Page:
Love Looks Not with the Eyes

Anne Deniau, Deniau Anne

Love Looks Not with the Eyes
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Love Looks Not with the Eyes

Anne Deniau, Deniau Anne

Lee Alexander McQueen (1969-2010) is widely recognized as one of the leading fashion designers of his time, whose work combined aesthetic vision, emotional power, and extraordinary craft. He was especially known for staging provocative shows that were as much performances as venues to display his designs. Charged with energy, informed by history and culture, and filled with fresh concepts, they have become legends not only of fashion but also of art.

Shooting backstage, photographer Anne Deniau documented twenty-six of these shows, beginning in September 1997 and ending with the final one in October 2010. Working directly for McQueen, she produced a remarkable and previously unpublished photographic record that captures the intensity and immediacy of these events.

We see McQueen working with his close circle of collaborators–among them, designer Sarah Burton, milliner Philip Treacy, jewellery designer Shaun Leane, model Kate Moss. The meticulously produced spectacles that they created come back to life on the page in this inside look at the work of a great artist.


If you are, or claim to be a fashionista of taste and style, and appreciate talent and genius, then I highly recommend you add this book to your collection.

Anne Deniau’s photographs of 13 years behind the scenes with Alexander McQueen are lovely, and the extra dimension and understanding that they add to McQueen’s designs, and his relationship to his work is beautiful.

The evocative images are captured with surprising tenderness (for the cut-throat world of haute-couture) and indicate a collaboration of inspiration and gratitude.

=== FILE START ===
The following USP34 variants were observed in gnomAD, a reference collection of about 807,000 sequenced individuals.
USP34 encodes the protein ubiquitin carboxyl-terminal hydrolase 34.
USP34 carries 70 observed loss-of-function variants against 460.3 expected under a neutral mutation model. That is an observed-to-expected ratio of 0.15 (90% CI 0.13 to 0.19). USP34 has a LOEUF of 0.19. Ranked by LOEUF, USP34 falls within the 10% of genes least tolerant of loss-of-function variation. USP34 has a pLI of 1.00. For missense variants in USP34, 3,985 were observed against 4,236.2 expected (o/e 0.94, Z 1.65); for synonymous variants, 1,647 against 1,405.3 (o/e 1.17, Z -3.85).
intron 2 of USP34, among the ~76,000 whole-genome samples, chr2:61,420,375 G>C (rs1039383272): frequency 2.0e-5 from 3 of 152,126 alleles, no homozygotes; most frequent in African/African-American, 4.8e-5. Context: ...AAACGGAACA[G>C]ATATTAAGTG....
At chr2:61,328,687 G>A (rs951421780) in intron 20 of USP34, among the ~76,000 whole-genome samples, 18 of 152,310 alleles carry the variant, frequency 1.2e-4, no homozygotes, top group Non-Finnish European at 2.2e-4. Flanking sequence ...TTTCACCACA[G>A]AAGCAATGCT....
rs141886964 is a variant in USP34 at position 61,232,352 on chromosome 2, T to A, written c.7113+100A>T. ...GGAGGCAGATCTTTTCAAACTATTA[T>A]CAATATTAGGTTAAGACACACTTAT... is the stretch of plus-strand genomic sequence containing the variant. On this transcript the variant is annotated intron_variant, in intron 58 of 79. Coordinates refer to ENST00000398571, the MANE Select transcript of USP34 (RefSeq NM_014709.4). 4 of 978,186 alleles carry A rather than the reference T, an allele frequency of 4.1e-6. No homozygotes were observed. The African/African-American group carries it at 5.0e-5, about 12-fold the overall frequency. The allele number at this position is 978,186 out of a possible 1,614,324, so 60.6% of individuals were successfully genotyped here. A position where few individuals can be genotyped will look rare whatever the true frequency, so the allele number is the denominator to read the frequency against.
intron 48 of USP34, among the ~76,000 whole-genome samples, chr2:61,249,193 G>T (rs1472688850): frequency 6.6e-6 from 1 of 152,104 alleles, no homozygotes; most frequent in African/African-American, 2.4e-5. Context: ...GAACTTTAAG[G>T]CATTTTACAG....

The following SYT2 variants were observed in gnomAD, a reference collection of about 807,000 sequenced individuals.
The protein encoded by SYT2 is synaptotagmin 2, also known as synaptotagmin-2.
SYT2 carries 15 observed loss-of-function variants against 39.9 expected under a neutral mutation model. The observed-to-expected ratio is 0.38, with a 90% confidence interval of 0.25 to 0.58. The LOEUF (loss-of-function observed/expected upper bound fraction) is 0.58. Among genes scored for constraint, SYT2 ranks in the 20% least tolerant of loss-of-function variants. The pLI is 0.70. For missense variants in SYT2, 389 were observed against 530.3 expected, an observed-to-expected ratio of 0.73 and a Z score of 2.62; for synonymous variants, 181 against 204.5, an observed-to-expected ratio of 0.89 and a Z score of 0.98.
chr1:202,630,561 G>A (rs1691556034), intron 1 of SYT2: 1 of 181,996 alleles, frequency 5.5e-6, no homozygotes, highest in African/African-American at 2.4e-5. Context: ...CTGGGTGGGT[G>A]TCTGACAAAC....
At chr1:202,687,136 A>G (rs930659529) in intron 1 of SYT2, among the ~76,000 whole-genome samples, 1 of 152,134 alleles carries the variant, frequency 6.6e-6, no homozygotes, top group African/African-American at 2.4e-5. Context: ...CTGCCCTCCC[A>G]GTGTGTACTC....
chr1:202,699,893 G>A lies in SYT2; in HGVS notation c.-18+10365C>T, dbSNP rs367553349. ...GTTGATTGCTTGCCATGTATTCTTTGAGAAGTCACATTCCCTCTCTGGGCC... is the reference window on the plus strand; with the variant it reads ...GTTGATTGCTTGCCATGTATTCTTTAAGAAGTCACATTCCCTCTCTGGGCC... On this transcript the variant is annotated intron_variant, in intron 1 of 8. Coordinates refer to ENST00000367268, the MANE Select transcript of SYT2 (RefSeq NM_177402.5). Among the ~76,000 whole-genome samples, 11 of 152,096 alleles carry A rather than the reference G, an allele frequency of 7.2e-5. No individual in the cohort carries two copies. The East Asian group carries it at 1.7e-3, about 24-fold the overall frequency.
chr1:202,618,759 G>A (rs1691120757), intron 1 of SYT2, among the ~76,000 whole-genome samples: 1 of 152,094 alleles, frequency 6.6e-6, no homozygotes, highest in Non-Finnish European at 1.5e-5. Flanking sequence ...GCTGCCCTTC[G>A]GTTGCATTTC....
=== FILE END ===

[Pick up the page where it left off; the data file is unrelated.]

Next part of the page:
Much as I love the Metropolitan Museum of New York’s great catalogue, Alexander Mcqueen: Savage Beauty, (since I couldn’t make it to NY for the exhibition), it is all about the museum. Whereas Deniau’s book captures the idea of the living, breathing activity of the clothes and the models as they prepare for the cat-walk.

The book is divided into 3 sections – Egeria, Allegoria and Elegia. These are subdivided into different collections – which were mostly named to reflect the overall theme.

As the book speaks through images, it inspires to look up some of the references. So now I know that the extraordinary carved wooden boots in the collection known as #13, were designed for amputee Para Olympian Aimee Mullins – so she wouldn’t necessarily stand out from the other models in the show. Although I would call McQueen’s work art, I hadn’t realized that he had been inspiredby individual artists such as Rebecca Horn.

I found lots of fascinating bits and pieces, like the model’s experiences and anecdotes about wearing the clothes, specific pieces and collections, on the Met’s blog re Savage Beauty.

Every now and then a couturier truly makes art and I consider Alexander McQueen to have been a great artist. Dior is also on my list and it makes perfect sense that Dior was one of McQueens inspirations. The photographs in this book give a glimpse into that world.

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